1. This site uses cookies. By continuing to use this site, you are agreeing to our use of cookies. Learn More.


Discussion in 'Cisco/Linksys Wireless Routers' started by Ferret, Aug 13, 2006.

  1. Ferret

    Ferret LI Guru Member


    Well after many years of avoiding routers networking ect ive now got a WRT54GC.

    I have this setup and its main use to be honest was to attached a Spa1001 for VOIP.

    I have a cable modem SB4100 this connects direct to the router. My PC and Spa1001 are connected to the ethernet ports.Is this the correct way cause i have a problem?

    When i try to use the setup wizard on the cd it checks the router then my internet connection at this point it tells me it can not detect a internet connection and stops the wizard. Well i have a perfect internet connection im using it now.

    Any ideas what is wrong?

    I need to use the wizard to setup security a hardwired connection to another PC as im a total tit with these things.

    Any help be good

  2. HennieM

    HennieM Network Guru Member

    Just some general notes (which I think classify as "Any help"...) as I don't know the GC:
    Is the ethernet side of your modem connected to the WAN port on the router? It should be.
    Is your modem not perhaps set up to do all the NATting and management of the internet connection? If so, you must setup the router to be a "router", not a gateway. This, and other stuff, can be done by going to from a PC connected to the router.

    Alternatively, if you want to keep the management of the internet connection on the modem, connect the modem to one of the LAN ports on the router. This way, your router will just be a switch.
  3. Disman_ca

    Disman_ca Super Moderator Staff Member Member

    If you want to use the wizard, it want a direct connection to the internet (no router between). Alternately you can use the web GUI of the WRT54GC to configure it as you would like. The wizard is very limited and you most likely use the web GUI anyway to fine tune the WRT54GC.
  4. Ferret

    Ferret LI Guru Member


    Yes the Modem is connected to the Wan port.

    The NATthing? Sorry red cabbage on this lol.Thats why i wanted to use the wizard to set it up i can answer yes/no lol but know im really confused the wizard is the software that came with the router! So why can the router not be between?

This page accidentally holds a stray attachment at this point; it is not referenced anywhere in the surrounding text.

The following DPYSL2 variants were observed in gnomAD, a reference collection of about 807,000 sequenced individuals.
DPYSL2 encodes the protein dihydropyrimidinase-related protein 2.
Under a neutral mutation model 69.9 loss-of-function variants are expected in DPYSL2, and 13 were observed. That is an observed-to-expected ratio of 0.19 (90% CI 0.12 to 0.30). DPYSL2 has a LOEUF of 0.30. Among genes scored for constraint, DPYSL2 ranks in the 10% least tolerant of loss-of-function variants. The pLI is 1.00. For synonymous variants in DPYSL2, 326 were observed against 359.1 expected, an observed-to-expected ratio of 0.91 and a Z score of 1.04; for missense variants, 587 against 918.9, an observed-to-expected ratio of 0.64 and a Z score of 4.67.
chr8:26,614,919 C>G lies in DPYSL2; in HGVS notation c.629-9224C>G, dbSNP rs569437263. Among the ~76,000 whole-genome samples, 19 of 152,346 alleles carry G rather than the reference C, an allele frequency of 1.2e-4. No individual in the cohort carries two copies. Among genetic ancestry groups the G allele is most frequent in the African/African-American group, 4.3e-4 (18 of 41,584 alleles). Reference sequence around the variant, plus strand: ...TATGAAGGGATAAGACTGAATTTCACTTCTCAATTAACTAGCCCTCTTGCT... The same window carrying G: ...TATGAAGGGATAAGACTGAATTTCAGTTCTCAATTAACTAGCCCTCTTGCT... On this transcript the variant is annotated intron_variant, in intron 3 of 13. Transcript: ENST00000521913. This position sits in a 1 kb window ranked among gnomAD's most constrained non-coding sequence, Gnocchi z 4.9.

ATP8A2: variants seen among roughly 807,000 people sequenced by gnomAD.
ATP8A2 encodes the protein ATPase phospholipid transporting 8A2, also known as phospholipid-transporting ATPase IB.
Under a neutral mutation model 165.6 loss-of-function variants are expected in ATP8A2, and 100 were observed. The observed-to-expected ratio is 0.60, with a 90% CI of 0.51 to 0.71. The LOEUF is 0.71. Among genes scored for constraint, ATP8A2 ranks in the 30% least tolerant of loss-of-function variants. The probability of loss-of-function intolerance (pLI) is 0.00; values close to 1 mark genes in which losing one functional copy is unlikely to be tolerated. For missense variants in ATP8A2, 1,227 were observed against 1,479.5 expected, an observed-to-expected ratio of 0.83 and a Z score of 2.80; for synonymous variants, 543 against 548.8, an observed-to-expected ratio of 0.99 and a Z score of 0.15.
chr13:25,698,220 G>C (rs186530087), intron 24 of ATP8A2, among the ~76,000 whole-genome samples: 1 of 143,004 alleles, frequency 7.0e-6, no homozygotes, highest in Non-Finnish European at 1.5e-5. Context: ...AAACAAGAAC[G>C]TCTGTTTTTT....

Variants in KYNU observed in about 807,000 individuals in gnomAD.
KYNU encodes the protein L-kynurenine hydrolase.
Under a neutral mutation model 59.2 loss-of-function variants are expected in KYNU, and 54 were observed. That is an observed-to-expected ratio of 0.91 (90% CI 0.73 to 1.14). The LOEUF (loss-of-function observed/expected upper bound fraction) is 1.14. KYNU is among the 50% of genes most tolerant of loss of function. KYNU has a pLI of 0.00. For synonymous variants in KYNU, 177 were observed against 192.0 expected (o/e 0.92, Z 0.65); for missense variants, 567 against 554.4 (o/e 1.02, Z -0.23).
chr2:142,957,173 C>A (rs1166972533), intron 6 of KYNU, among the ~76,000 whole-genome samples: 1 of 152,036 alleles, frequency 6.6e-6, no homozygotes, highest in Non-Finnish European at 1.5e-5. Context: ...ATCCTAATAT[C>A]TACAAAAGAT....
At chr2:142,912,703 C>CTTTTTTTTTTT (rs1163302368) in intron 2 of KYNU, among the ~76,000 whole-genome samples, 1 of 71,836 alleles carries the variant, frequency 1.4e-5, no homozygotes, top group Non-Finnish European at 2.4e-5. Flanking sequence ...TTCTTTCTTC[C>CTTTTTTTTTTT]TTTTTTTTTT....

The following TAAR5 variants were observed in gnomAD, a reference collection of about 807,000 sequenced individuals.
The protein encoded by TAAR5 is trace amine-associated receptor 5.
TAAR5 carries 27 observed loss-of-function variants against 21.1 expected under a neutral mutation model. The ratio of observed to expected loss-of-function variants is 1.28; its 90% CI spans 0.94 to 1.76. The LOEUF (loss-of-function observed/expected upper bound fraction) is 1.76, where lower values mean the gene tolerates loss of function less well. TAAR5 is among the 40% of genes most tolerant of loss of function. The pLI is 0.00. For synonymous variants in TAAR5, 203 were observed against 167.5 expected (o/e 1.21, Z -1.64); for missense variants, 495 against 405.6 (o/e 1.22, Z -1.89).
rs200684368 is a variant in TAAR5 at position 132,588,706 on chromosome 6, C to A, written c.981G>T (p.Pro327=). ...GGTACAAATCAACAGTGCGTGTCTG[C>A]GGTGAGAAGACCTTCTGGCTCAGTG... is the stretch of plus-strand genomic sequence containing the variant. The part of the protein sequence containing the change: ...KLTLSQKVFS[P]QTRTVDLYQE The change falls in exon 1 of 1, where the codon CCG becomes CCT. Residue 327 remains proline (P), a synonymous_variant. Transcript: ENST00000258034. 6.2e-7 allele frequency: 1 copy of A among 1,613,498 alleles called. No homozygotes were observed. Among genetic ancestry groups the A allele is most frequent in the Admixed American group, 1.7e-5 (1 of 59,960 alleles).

The Gui means nothing much to me at the moment and ive been reading all day.

    What do i have to setup to ensure its job is a router and not a Gateway?

    The good news is ive manage to set up the Spa1001 with 2 accounts and it is working bang on.

    Just need to get my head round the wireless security now i was just hoping i could turn it off for now but ya carnt.

  5. HennieM

    HennieM Network Guru Member

    It seems like you solved. Just for clarity: If the WRT54GC is to be your "in charge" device for connection to the internet, it wants a DUMB device (modem) connected to the GC's WAN port. In this scenario, the GC tells the modem what to do, how and when to connect to the internet, what username/password to use (if any), etc. The GC then is your primary gateway to the internet. If the modem itself has some intelligence, i.e. you set up the how/when/username/password to connect to the internet on the modem, the GC must function as a router.
    NAT means Network Address Translation, aka IP masquarading. It takes your private IP (like, and when it goes through the gateway (be-it the GC or the intelligent modem), it translates this IP to an internet IP address (the WAN side one of the gateway device), so machines on the internet thinks the request came from the gateway and not from a machine behind the gateway with a private IP address.
  6. Ferret

    Ferret LI Guru Member


    Nice explanation m8.I now understand i little more.Ive been reading a lot about the firewall on my router and to be honest it sounds basic, should i still run Zone Alarm till i understand more?

  7. HennieM

    HennieM Network Guru Member

    I have no idea what Zone Alarm is, nor what it does, so I cannot make any recommendation on that. Note though, that the firewall on the router, is a fancy port/packet filter - it is not anti-virus, VPN, wireless security, or any such thing.

    The NAT part is a sort-of firewall (actually it's a pretty good one, as "the internet" cannot see your machines behind the router), but that's not the intention of NAT, but rather, as basic priority, to allow a bunch of computers with private IPs to share one public IP address.

    I have been running the Linux firewall/IP masquerading/NAT - ipfw, ipchains, iptables - the latter is the one that's in the WRT - for years on a Linux box (a Pentium I, 133MHz) that was my router and also did my dial-up connection, and I never had a breach of security (well, none that I know of anyway). My logs show that plenty tried.

    Having said that, the firewall on your router is only as good or as bad as you set it up, but, generally speaking, if you don't use port forwarding, DMZ, and other fancies, you're pretty OK.

    The cool thing about the firewall on your router is that you don't need any firewall stuff on the PCs behind the router.
  8. Ferret

    Ferret LI Guru Member

    That answered my question on Zone Alarm m8. As Zone Alarm is a software based Firewall, it also has Antivirus built in but i now have Nod32 looking after that.

    Thanks for you time HennieM

  9. HennieM

    HennieM Network Guru Member

    You're welcome m8! Just remember though, that if you provide any service like http, ftp, or even games, from a machine behind the router, and thus do port forwarding or such from the router, you'll still need to protect that machine/service, as the forwarded ports/service/machine would be directly exposed to the internet.

Share This Page